• Brian Briscoe

Tax Advantages of Apartment Investing


It’s tax season. Hopefully, you’re not completely shocked by your tax bill this year. Likely, you’re looking at the dollar amount on your 1040 and thinking about all the things you can do with that money. Did you know that passively investing in apartments can drastically reduce the amount of taxes you pay?

To illustrate how this works, it may be helpful to briefly discuss how your income is categorized and taxed, and then we'll dive in to how passively investing in real estate can help you reduce your tax bill. Of course, if you're interested in taking advantage of these tax savings while still earning a solid return, you can schedule a call with us at any time on our website.

Types of income


The Internal Revenue Service (IRS) lumps income into three categories, and each category has different rules on how income is treated and taxed.

Active income

This category includes all income that you earn from direct involvement. W2 income falls in this category. If you are a freelancer and receive 1099 income, that is also active. If you are self-employed or a small business owner and actively participate in running the business, it’s most likely that you receive active income. Active income is the least tax-friendly of the three and is taxed on a graduate income tax schedule, and those with higher incomes will pay a much higher rate, up to 37% in 2021. Single person earning over $85,500 will fall into the 22% income tax bracket and will contribute over $1 of every $5 earned to Uncle Sam. High income earners are donating $1 of every $2.70.

Portfolio income

This category includes income received from stocks, bonds, mutual funds, exchange traded funds, and other investments that are not considered passive. Portfolio income from assets held less than one year are considered short-term capital gains and are taxes with active income at a rate up to 37%... Long term capital gains in 2020 are either taxed at 0%, 15% or 20%. If your single with an adjusted gross income of less than $40k, or married with less than $80k, your long term capital gains are NOT taxed. A person or married couple earning more than that and up to roughly a $500k income will pay only 15% on their long-term capital gains. The highest income earners still will only pay 20% of their long-term capital gains as taxes, which is far less than they would for their active income. In its tax treatment, long-term capital gains are preferable to active income.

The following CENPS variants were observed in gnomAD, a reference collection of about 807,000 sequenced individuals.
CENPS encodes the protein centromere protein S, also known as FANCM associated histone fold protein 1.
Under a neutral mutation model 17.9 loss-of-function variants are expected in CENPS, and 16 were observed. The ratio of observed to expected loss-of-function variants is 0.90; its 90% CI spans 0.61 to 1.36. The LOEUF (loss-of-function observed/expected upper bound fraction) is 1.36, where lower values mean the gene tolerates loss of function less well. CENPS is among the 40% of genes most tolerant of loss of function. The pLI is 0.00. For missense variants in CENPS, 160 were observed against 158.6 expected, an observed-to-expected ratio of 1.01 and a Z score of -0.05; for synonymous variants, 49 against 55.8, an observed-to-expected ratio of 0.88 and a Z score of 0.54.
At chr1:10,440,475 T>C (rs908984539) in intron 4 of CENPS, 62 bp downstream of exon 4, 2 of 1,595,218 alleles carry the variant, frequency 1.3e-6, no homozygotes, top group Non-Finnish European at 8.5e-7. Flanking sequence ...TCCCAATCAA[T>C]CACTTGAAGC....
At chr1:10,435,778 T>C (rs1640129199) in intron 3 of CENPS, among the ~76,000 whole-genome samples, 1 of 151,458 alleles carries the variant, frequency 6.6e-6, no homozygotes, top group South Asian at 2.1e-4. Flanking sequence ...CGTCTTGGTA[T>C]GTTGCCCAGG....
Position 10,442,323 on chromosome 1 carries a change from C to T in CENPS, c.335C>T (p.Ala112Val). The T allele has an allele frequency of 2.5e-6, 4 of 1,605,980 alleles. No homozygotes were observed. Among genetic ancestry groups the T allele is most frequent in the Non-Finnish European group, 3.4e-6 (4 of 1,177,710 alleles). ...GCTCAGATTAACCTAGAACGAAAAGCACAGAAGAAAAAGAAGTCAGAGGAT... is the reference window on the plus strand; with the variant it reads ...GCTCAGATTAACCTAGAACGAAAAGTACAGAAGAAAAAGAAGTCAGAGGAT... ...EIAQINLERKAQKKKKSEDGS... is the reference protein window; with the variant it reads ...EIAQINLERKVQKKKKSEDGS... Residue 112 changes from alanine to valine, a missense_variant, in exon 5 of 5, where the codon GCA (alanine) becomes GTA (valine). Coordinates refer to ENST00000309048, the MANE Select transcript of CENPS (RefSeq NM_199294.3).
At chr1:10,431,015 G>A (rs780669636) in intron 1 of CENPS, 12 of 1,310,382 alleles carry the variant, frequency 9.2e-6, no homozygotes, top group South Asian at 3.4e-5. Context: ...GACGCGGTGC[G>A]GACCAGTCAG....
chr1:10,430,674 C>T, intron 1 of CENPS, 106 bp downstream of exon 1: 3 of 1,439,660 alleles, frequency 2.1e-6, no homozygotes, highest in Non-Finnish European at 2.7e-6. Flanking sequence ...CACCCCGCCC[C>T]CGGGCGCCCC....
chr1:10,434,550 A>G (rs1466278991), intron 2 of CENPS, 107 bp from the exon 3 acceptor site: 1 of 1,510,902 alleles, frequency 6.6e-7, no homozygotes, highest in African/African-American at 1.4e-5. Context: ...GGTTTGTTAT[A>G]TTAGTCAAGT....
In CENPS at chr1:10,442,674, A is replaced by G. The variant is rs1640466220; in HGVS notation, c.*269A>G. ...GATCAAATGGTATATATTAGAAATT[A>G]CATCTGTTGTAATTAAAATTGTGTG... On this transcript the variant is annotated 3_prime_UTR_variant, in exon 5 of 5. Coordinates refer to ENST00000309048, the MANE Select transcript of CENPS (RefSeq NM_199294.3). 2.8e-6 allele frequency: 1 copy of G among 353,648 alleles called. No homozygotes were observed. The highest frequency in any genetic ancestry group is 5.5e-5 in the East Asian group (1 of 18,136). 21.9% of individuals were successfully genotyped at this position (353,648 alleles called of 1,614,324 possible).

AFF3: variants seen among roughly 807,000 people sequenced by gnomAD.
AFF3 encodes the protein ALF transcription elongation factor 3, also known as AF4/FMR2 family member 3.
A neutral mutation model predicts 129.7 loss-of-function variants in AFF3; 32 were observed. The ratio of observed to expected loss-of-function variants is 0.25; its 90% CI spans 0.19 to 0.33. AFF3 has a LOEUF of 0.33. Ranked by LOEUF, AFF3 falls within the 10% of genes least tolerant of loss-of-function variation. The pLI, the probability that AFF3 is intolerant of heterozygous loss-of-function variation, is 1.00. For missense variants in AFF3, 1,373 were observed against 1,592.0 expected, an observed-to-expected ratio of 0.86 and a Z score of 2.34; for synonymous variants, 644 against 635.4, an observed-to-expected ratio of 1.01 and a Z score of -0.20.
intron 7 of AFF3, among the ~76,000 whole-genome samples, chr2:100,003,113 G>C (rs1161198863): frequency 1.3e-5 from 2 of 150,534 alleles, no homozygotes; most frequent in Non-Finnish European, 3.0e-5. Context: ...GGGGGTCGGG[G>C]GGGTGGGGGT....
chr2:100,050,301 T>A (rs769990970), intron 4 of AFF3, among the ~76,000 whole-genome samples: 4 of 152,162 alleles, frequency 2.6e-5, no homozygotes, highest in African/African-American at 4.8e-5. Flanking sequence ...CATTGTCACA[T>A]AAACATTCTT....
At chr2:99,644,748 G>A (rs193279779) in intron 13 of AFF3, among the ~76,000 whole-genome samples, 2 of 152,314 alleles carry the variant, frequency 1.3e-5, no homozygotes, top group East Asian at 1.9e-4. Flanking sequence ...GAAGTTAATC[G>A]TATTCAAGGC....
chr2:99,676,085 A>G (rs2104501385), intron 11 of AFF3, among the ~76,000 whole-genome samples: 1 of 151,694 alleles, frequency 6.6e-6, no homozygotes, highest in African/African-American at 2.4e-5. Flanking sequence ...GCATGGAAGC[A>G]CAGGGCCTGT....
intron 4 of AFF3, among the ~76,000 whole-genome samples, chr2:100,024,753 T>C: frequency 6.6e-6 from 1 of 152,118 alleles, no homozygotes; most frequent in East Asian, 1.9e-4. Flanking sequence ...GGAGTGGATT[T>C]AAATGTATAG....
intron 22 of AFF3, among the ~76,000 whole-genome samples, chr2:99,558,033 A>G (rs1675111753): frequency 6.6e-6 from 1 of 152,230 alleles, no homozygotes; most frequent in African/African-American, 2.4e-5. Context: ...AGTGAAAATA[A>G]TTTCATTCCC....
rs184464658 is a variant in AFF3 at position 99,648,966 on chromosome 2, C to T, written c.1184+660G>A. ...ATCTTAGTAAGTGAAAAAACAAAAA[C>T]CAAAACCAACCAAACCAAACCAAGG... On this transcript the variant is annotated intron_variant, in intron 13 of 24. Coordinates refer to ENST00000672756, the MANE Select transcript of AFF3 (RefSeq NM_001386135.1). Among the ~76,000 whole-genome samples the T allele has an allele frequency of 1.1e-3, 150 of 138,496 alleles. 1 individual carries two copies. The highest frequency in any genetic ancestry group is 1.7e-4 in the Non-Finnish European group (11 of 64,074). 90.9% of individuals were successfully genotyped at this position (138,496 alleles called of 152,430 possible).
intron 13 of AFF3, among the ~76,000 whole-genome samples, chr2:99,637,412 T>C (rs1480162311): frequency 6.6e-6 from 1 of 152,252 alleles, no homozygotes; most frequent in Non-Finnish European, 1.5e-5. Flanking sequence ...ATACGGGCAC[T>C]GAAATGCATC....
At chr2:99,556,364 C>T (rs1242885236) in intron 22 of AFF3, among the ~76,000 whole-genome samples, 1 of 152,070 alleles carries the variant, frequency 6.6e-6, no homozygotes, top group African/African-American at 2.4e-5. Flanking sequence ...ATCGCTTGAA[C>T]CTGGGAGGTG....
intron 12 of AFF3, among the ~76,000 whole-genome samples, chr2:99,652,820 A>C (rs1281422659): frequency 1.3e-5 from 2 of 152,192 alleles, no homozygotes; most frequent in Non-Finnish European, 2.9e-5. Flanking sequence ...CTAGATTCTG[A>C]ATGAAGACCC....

Passive income

This category includes all income received from rents or royalties in a property or business in which there was no material participation. Income from investing as a limited partner, silent partner, or passive investor in a business or property all fall into this category. Passive income is taxed at the active income tax rate, which by itself is not very beneficial, but there is one HUGE advantage to passive income when real estate is involved – and that’s depreciation.

Depreciation

Depreciation is the reduction in value of an asset due to the passage of time. Conceptually, to illustrate what depreciation is, imagine you buy a new car and pay $20,000. A year from now, even if you don’t drive it, the car will naturally lose value and may only be worth $18,000. In this case, you’ve essentially lost $2,000 due to depreciation. If the purchase of the car was for a business and not personal use, the IRS will allow you to count depreciation as an expense or a LOSS on your taxes.

Depreciation works the same with real estate, but with one huge advantage. It doesn’t matter how old a property is when you buy it, the IRS will consider the property as brand new on the day of purchase, and depending on the property type, will allow you to count the property's depreciated value as an expense on your tax return.